Recipe for longevity: 13 hours each day in a combine during harvest and six days a week in a fishing boat during the off-season — standing up.
Jesse Small reaches the end of a corn row, shifts his cigar from hand to mouth with a grin, and swings his combine around for another pass across a sea of grain. He’ll turn 90 later this harvest season.
Small’s tale stretches back 62 years, when he walked away from a sawmill, bought a combine, and began cutting grain. And since that day in 1951, Small hasn’t missed a season of combining, covering ground from Canada to the Gulf of Mexico.
Small, Senath, Mo., is a combining legend; his Small’s Harvesting custom cutting outfit was once one of the biggest harvesting outfits in the U.S. “I remember one year up in Montana, we ran 17 combines at one time in a field of 12,000 acres. We would run and run and never stop. I’ve guess I’ve been in nearly every paper in the country at one time or another and was in Time magazine in 1978. I was supposed to be on the cover of Time, but the pope died or something, and they stuck me on page two.”
In 1951, Small bought a John Deere V 5500 for $3,000, and never looked back. Small admits he misses a lot about the forgotten days of agriculture, but as he checks his GPS monitor, he quickly adds he loves the new technology of modern farming — all of it. “New technology is just fine. Sure, I miss the old times. But my combines now have air conditioning. I used to sit out in the open sun with no cab on my first combine. I didn’t even have the money to buy an umbrella to stick over me.”
How much acreage has he cut? Small says there’s no way to know; and doesn’t want to know: “That number would be too big. It would terrible just to have to see such a big number,” he laughs.
Age means very little to Small; he has no plans to slow down. When asked about the secret to good health, he holds up his cigar: “See this? I don’t smoke it; never liked’em. But I like having it around and I change it out every three days. Hard work is my secret; it keeps me healthy.”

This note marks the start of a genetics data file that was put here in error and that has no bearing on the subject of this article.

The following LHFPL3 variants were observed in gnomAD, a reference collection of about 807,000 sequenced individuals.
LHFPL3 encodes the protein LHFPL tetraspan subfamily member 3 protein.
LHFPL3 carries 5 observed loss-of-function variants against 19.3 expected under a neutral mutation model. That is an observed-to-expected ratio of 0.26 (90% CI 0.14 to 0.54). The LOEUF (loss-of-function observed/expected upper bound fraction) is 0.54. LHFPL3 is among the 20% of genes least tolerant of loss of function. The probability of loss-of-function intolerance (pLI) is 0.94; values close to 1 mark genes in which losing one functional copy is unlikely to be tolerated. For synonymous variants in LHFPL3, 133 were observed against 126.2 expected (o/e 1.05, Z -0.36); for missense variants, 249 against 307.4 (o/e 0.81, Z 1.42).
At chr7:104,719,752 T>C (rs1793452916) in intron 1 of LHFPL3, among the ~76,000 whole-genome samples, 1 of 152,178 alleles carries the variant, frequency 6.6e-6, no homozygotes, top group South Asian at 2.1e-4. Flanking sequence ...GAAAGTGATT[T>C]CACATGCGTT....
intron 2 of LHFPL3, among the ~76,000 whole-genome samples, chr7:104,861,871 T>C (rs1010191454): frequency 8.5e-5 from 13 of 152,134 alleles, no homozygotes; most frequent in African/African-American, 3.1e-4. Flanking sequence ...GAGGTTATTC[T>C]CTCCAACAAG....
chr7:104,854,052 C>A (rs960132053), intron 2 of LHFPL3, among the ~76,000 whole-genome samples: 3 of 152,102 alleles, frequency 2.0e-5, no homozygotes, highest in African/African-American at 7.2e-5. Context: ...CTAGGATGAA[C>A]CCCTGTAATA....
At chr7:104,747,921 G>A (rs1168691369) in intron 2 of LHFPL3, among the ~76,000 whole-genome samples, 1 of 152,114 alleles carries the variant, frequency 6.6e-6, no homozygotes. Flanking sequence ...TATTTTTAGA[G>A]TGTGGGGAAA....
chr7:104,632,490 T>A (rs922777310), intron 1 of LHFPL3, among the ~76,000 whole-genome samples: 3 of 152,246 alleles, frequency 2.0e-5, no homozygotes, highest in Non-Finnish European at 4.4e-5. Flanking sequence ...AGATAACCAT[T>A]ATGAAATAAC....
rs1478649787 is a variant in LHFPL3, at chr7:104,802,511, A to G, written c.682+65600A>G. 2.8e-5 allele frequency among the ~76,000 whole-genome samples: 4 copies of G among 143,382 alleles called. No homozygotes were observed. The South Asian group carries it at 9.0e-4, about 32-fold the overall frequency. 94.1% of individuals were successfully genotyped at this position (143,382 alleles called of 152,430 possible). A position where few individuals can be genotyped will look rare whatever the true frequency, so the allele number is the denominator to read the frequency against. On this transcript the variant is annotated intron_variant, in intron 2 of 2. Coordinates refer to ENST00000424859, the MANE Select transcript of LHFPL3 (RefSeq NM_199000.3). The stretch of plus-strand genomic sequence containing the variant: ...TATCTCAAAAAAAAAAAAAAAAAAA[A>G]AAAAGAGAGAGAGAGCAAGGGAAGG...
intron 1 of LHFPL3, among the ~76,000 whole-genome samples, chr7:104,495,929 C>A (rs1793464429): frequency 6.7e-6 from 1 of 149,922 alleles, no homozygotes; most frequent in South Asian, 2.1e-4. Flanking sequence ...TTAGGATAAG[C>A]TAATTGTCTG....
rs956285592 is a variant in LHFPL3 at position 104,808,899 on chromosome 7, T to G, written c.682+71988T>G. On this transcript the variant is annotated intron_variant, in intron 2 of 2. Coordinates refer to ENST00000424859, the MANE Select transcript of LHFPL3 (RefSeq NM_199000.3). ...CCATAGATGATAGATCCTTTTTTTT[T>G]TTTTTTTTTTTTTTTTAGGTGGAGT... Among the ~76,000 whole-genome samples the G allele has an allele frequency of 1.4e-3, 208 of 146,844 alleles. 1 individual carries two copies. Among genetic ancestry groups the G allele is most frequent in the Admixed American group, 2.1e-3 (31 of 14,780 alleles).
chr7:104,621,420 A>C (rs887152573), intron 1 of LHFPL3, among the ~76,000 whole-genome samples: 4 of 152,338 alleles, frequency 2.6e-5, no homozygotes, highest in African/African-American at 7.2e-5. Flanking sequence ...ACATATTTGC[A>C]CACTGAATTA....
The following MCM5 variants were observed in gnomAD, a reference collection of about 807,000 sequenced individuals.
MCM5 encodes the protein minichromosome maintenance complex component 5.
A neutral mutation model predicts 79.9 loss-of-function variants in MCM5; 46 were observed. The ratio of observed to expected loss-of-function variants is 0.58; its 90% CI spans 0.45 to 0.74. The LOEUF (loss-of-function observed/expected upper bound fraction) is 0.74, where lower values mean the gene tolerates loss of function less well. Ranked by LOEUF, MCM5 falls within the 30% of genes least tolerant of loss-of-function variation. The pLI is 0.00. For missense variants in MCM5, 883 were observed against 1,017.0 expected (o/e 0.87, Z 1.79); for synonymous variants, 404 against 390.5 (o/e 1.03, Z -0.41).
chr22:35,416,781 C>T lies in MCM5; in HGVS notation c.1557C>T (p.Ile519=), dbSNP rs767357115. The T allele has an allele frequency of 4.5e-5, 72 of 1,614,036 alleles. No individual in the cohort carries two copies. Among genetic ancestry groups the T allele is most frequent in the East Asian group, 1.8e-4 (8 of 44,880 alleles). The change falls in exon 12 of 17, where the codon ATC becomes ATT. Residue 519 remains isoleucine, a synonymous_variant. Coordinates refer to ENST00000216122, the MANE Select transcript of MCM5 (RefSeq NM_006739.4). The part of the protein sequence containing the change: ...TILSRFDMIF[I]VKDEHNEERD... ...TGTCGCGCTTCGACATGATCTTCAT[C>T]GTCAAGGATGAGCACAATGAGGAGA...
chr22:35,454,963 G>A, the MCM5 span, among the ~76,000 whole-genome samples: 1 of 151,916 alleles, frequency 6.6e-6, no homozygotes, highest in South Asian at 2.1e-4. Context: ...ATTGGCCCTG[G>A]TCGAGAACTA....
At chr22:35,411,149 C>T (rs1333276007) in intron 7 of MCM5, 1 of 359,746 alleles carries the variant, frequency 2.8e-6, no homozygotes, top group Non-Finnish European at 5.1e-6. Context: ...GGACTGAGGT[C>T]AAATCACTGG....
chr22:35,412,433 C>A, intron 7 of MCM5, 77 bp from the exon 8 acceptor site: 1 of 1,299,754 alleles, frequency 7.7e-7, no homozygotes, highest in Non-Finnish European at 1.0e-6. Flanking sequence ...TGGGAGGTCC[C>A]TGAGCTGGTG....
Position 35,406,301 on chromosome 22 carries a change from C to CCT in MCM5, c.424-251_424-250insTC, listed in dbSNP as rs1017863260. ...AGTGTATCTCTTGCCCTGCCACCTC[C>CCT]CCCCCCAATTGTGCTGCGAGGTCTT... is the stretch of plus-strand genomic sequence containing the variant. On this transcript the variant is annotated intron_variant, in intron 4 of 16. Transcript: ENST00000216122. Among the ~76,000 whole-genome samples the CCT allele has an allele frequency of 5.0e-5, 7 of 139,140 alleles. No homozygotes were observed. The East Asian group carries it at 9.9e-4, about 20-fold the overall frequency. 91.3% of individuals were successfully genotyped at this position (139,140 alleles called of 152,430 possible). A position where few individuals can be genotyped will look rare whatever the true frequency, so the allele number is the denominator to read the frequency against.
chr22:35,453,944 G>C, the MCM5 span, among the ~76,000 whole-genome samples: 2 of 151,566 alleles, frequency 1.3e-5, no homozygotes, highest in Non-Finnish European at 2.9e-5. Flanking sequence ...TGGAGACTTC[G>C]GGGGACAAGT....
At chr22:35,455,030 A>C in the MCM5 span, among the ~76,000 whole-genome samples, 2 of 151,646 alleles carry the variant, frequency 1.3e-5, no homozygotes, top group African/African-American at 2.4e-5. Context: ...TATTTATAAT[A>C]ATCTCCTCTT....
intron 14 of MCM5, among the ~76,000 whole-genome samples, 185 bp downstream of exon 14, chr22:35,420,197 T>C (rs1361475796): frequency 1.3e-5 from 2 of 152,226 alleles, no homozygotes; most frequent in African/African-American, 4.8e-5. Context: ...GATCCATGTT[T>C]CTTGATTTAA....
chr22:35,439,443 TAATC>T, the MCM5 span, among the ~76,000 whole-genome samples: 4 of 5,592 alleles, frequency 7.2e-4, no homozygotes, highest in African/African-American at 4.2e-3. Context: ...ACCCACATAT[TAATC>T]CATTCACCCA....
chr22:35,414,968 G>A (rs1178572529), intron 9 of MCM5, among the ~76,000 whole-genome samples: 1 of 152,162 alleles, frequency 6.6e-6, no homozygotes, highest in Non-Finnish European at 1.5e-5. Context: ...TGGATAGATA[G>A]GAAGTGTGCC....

His son, Joe Small, 63, has taken the combine reins from Jesse and now heads the operation out of Marion, Ark. — Small Farms. He knows his father is exceptional. “If I live as long as 89 like my daddy, I’d be just fine with carrying on combining. He’s remarkable to have worked this long. If you just walked up on him you wouldn’t think by any chance that he is 89 — 90 in November. The only thing that gives him any trouble is his hearing, and other than that, he takes blood thinner and no other medicine. After all these years, he only gets tired after 12 to 13 hours of cutting.”
When he’s not cutting grain, Jesse heads to Florida and Lake Okeechobee for five months of fishing. “I catch bass — even a few alligators sometimes. Fishing is just like harvesting — something to entertain an old man.”
Joe says there is more to it than simple fishing — much more: “My daddy probably didn’t tell you that he stands up in the boat. That’s right; he stands up in the boat all day and fishes six days a week when he’s not cutting. He works hard when he’s working and plays hard when he’s playing. He’ll be fishing for as long as the Lord lets him live.”
And according to Jesse, he’ll also be combining for as long as the Lord lets him live. “I love what I do and after doing it so many years — I’ve got to love it.”
Jesse is staying in the cab: “I don’t know anybody harvesting that is my age. I don’t even know anybody harvesting that is near close to my age. But then again, age ain’t got nothing to do with it.”
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